Having watched your debate with Michael Shermer on the existence of God, I wish to commend you for your ability to grasp the point of an argument with great accuracy, which is the characteristic of a good debater. On the idea of God creating the universe, as I mentioned in my earlier email to you, I'm an atheist: I believe in a universe without any purpose created entirely by physical, natural processes. But if I were a theist, my stance on it would be very much like yours, though with a slight difference. I appreciate you in reconciling your faith with science (unlike those anti-science Bible literalists who believe the earth and the universe are less than 10,000 years old, thereby denying reality). However, there would by a small difference between both our stances. Instead of always keeping my God just one level ahead of the reach of current scientific paradigm and concluding that 'X' was a natural process brought about by a supernatural 'Y,' I would assume that 'X' was a natural process brought about by a natural 'Y'. But I would also conclude that every single natural process that has ever taken place in the history of the universe and every natural process that eventually led to the creation/birth of the universe was intended by a supernatural God. With this outlook, I can reconcile every scientific discovery and every successful scientific theory with my faith without ever having to fear science discovering something that contradicts my faith. This stance would also convince me why God has not left behind any physically testable evidence for His own existence, but has instead left behind an entire universe that stands as testimony to His intent, without Him ever having to physically intervene with the natural universe. As you can see, there is only a tiny difference between this stance and your stance, though both stances reconcile science and faith. But this tiny difference makes all the difference in accepting and denying science. As the great physics Nobel Laureate Steven Weinberg so eloquently put it, "Science doesn't make it impossible to believe in God, it only makes it possible to not believe in God."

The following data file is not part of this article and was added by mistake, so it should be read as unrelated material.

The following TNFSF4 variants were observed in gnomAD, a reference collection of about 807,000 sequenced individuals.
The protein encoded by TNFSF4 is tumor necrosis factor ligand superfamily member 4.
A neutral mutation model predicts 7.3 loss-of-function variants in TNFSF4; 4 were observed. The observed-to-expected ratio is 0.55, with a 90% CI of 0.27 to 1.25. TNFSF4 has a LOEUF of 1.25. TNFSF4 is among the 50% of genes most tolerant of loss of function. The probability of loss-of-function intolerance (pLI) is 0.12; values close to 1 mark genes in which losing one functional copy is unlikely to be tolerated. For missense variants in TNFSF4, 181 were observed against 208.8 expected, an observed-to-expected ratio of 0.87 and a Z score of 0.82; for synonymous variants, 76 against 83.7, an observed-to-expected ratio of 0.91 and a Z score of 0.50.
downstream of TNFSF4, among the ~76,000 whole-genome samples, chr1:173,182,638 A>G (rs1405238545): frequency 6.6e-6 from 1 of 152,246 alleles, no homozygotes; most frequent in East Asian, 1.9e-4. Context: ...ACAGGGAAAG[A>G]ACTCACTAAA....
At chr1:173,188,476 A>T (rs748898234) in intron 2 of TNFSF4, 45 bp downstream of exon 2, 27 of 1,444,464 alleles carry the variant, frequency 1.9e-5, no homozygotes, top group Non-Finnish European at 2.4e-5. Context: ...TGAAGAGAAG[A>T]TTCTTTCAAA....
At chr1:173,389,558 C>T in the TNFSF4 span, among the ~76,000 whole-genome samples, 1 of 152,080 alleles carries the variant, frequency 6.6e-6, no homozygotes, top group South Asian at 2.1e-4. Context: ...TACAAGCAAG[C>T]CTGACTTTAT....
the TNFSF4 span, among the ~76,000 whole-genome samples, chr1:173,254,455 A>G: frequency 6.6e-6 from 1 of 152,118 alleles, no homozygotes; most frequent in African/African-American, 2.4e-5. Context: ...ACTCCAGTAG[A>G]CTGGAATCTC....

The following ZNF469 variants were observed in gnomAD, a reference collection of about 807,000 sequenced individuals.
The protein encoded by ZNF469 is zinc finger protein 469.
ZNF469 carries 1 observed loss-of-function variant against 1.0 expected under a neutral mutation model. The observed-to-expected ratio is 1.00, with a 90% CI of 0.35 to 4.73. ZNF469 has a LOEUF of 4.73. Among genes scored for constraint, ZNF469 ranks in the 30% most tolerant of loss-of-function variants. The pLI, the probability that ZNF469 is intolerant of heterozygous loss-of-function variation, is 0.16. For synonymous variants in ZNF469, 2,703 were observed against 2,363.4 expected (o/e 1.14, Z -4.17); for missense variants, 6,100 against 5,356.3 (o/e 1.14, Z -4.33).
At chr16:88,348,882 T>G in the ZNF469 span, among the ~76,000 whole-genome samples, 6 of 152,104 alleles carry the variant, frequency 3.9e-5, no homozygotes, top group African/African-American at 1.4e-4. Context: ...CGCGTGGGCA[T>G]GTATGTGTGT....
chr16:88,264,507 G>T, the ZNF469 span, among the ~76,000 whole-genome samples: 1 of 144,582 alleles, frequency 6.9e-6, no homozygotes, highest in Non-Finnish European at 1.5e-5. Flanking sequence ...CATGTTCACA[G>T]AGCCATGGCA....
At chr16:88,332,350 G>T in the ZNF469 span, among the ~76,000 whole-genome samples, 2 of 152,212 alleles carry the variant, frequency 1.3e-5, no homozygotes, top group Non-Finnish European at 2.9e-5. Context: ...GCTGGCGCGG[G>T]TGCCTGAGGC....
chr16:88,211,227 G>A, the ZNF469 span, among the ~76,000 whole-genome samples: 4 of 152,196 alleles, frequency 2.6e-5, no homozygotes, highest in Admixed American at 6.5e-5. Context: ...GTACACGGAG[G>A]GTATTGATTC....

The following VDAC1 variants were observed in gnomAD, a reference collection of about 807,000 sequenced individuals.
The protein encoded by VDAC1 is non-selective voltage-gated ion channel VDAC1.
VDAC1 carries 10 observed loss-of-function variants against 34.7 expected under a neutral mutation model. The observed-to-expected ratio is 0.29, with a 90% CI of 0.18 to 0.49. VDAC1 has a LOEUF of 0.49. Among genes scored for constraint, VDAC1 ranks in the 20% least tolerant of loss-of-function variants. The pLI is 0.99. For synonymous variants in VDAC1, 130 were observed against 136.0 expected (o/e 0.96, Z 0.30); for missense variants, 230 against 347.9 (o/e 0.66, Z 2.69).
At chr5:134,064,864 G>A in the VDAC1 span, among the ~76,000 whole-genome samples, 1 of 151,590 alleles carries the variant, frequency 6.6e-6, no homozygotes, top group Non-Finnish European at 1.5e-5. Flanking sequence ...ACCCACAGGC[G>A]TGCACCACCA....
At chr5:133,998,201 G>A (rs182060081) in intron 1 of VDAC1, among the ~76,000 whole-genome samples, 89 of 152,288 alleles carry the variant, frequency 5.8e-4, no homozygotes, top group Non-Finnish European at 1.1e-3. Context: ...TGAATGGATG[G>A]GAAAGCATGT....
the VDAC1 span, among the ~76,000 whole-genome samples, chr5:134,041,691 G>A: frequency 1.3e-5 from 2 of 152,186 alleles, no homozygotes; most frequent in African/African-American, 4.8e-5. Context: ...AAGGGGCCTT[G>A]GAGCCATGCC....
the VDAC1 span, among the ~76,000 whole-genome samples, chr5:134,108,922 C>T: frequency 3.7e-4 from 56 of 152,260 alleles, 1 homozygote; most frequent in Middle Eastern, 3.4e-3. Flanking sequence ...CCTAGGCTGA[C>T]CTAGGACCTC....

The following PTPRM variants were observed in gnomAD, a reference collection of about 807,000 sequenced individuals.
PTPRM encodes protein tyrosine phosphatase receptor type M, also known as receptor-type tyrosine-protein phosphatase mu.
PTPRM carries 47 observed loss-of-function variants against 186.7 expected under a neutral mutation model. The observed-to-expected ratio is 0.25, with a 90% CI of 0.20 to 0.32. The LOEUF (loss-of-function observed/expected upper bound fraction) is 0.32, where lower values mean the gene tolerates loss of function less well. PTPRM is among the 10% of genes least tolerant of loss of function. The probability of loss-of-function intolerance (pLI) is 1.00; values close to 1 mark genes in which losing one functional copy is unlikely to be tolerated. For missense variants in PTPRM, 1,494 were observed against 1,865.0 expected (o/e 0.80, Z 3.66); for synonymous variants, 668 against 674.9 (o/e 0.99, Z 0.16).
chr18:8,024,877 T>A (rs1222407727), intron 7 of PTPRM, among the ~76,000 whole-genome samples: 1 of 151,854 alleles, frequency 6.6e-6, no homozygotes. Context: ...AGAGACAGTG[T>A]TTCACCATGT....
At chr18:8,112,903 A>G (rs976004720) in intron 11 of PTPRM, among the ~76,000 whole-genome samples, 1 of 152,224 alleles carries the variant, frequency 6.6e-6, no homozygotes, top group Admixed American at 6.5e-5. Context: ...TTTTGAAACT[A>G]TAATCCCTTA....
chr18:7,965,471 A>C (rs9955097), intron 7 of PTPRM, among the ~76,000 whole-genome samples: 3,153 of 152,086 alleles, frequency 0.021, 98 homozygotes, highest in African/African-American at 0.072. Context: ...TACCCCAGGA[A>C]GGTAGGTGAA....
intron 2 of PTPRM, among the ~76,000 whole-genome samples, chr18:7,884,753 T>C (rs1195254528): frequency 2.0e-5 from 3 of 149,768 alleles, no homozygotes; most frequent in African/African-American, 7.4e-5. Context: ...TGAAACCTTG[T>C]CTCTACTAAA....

Your email is very interesting, and I agree nearly entirely with what you have expressed.
If you were a theist, you write, your approach to science would be the same as mine. We both reject the "god-of-the-gaps." I look at the entire process and see it as the hand or plan of God. You look at the entire process and can envision it being the hand of God.
Even though you are an atheist, we appear to be even closer than you think!